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PBS: African American World

The Lenox Lounge in the 1930s
Arts and Culture:
A Walk Through History
More on This Story:
Preserving Harlem

Harlem was named early on in New York history — not surprisingly, when New York was still New Amsterdam. The small village founded by Peter Stuyvesant in 1658, was called New Harlem (Nieuw Haarlem) after the town of Haarlem back home. The area was mostly farmland until the mid-19th century when the city began expanding northward. The first type of construction was in the form of tenements, which became home to a changing groups of immigrants to the city. These were followed by luxury buildings designed to attract wealthy citizens fleeing crowded downtown areas. At the same time, the suburban train lines reached even further north and the middle classes soon left Harlem for destinations in the Bronx and Westchester. The Great Migration of African Americans to the North after World War I found the overlooked Harlem developments desperate for tenants.

When the Federal Writers Project turned its attention to Harlem in the 1930s for its guidebook series, the area above 125th street was divided into "Negro Harlem," "Spanish Harlem," and "Italian Harlem." NATIVE SON author Richard Wright was just one of the WPA writers who contributed to the volume. Many of the landmarks noted on the maps in the 1939 edition of the WPA guidebook are still visible — but just as many have gone the way of the Cotton Club — visible only in nostalgic films or black and white photos.

Harlem street scene, 1939
"The reason why I came to New York is because I was seduced by the legend of Harlem. Harlem was the African-American cultural capital. Harlem remains, in the minds of many people, the African-American cultural capital. And yet, one of the most compelling manifestations of that, the old buildings here, have not been given the due reverence that they deserve." --Michael Adams, Architect and Harlem Preservationist

Striver's Row
"West 138th and 139th Streets, between Seventh and Eighth Avenues are know in Harlem as STRIVER'S ROW because so many Negroes aspire to live in the attractive, tan-brick houses on these two tree-shaded streets. The residents are mostly of the better-paid, white collar, professional class." -- the WPA Guide to New York City, 1939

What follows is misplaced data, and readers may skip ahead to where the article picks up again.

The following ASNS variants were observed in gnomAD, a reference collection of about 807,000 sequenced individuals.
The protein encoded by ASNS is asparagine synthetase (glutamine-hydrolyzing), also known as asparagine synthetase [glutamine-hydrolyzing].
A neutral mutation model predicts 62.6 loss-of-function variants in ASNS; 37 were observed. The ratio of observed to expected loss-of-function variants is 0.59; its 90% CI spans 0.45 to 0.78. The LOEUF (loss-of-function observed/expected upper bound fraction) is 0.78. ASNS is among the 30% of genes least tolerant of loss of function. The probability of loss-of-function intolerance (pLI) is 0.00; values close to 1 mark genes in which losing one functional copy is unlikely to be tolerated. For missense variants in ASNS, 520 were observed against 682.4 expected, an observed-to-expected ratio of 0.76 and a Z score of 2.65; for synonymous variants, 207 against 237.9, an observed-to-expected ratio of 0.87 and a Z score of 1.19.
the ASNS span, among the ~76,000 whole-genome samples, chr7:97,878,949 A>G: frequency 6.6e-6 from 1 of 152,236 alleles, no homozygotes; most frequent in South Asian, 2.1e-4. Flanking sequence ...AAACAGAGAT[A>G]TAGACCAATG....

Minton's Theater
"At 253 West 125th Street, near Eighth Avenue is the Apollo Theatre, known as Harlem's "opera house." Opened in 1913 as a burlesque house, it became in 1934 a vaudeville theater. Weekly all-Negro reviews, with outstanding dance orchestras and musical comedy favorites, are presented to mixed audiences. The theater is owned an managed by whites, but the actors, actresses, and other employees are Negro." -- the WPA Guide to New York City, 1939

Sylvan Terrace
"135th Street and Seventh Avenue is the site of the former Small's Paradise nightclub, established in 1925, it was one of the greatest jazz venues ever created. And now, it's to be replaced by an International House of Pancakes. Some would say that this represents progress. I say, save Harlem from pancakes." --Michael Adams, Architect and Harlem Preservationist

Other old developments, like Sylvan Terrace, pictured at left, have managed to survive for several centuries — now carefully restored.

Audubon Ballroom
"The Audubon Ballroom and theater is amongst the most spectacular ever built in Harlem. It is most significantly the place where Malcolm X was killed. Half the Audubon was ruinously renovated into a biotech laboratory. The cornice was originally painted in many colors to match the terra cotta of the facade. Now it's green to match the bio-tech lab. And the back half of the Audubon was leveled completely for a parking lot. A parking lot at the place where Malcolm X was assassinated." --Michael Adams, Architect and Harlem Preservationist

Sources: Sources: Sanna Feirstein, NAMING NEW YORK; Federal Writers Project, THE WPA GUIDE TO NEW YORK, 1939; Andrew S. Dolkart, GUIDE TO NEW YORK CITY LANDMARKS

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